Indiana lawmakers’ attempt to create a state-funded pre-K program in this new legislative session will look a lot like their attempt at doing so last session.
The House Education committee is set to take up a bill Thursday that bears striking resemblance to a proposal the full House passed last year: Create a pilot program in five Indiana counties that provides scholarships for low-income 4-year-olds to attend preschool.
That idea didn’t pass muster with the Senate Education committee last year. Lawmakers in that chamber scaled back the proposal over concerns with its cost, which was then estimated at $7 million annually for 1,000 students.
Skepticism about pre-K’s potential cost remains. But pre-K vouchers gained a powerful public ally this fall in Gov. Mike Pence — and the question is whether his support will be enough to turn the tide.The bill lawmakers will take up Thursday — which House Education Committee Chair Bob Behning, R-Indianapolis, filed earlier this week — doesn’t specify how many students could receive vouchers and doesn’t hint at how much the program would cost.
But the eligibility requirements are similar. As in last year’s proposal, 4-year-olds from households with incomes of up to 185 percent of the federal poverty level would be eligible to receive the scholarships. They could use that money at certain eligible childcare providers that have earned national accreditation or a 3 or 4 on the state’s rating scale for childcare providers.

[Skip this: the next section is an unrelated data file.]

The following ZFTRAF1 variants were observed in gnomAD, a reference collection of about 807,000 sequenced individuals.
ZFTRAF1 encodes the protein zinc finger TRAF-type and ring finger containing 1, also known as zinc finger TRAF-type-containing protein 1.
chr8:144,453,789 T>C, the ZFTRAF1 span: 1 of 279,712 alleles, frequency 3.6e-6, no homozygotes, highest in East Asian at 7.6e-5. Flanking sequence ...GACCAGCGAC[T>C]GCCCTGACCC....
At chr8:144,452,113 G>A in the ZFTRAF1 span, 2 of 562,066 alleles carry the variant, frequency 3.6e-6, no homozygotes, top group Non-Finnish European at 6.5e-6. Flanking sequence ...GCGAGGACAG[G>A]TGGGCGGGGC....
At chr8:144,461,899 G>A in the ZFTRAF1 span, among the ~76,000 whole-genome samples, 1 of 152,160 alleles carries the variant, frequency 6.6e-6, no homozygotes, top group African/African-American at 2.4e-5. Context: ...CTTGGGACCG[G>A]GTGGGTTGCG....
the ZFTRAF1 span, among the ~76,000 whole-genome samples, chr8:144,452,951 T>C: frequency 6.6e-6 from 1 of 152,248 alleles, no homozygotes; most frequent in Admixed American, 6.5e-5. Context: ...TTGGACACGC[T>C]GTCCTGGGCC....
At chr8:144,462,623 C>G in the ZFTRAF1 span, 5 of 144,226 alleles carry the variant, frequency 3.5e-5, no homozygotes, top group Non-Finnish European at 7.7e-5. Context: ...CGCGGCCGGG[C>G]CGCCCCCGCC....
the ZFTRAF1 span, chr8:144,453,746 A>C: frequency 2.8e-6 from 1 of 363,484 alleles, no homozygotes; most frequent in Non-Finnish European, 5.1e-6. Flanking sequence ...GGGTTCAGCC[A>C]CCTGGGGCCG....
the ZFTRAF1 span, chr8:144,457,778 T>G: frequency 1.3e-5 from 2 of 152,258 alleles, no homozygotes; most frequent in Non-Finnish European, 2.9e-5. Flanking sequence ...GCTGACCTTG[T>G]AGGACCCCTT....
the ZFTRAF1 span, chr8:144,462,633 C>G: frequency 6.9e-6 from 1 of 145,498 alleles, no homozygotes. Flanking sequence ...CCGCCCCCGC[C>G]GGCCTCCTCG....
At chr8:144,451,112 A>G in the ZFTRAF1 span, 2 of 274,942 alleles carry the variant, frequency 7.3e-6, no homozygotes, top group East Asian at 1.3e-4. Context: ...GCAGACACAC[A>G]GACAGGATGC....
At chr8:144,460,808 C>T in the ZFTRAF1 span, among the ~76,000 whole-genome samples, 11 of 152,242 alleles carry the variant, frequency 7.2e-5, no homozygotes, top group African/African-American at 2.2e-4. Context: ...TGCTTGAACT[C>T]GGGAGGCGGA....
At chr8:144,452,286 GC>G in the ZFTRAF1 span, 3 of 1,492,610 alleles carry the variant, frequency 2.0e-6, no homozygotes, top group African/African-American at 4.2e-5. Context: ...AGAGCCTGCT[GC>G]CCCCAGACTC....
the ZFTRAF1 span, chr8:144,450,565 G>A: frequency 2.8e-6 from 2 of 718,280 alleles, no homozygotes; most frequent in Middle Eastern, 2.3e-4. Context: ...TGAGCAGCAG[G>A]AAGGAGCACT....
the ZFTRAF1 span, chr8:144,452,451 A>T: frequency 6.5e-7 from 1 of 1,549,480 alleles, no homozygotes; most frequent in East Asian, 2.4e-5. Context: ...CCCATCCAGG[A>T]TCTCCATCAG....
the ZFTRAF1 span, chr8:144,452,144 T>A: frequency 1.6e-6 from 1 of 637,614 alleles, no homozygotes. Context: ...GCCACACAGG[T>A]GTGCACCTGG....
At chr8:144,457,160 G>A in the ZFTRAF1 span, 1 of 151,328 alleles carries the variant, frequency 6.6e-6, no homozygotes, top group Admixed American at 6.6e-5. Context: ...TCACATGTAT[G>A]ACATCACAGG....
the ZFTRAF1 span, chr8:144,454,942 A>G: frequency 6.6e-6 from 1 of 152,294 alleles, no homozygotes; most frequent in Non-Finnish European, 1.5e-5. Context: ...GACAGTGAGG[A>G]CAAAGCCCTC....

There are a few differences from last year’s proposal.
Unlike last year, there’s a difference in the maximum voucher amount for full- and half-day programs. Under this year’s proposal, maximum voucher amount students in full-day pre-K could receive is $6,800. In half-day pre-K, that amount drops to $3,400.
This year’s proposal would also require pre-K providers to formally assess whether students who enroll using vouchers will leave their program ready to enter kindergarten.
To do this, a pre-K provider would likely give students a state assessment called the ISTAR-KR. That’s an assessment many Indiana special education providers already use to measure young children’s academic proficiencies in math and language arts, along with their socio-emotional and physical health.
Under the bill lawmakers will consider Tuesday, if under 70 percent of students pass a kindergarten readiness assessment in two straight years, the pre-K provider would no longer be eligible to receive vouchers.
Because lawmakers are proposing the begin the voucher initiative as a pilot program, it appears the proposal’s pricetag would be significantly cheaper than the $50 to $100 million we were guesstimating for Pence’s plan — we based the estimate on the potential of at least 12,000 students signing up.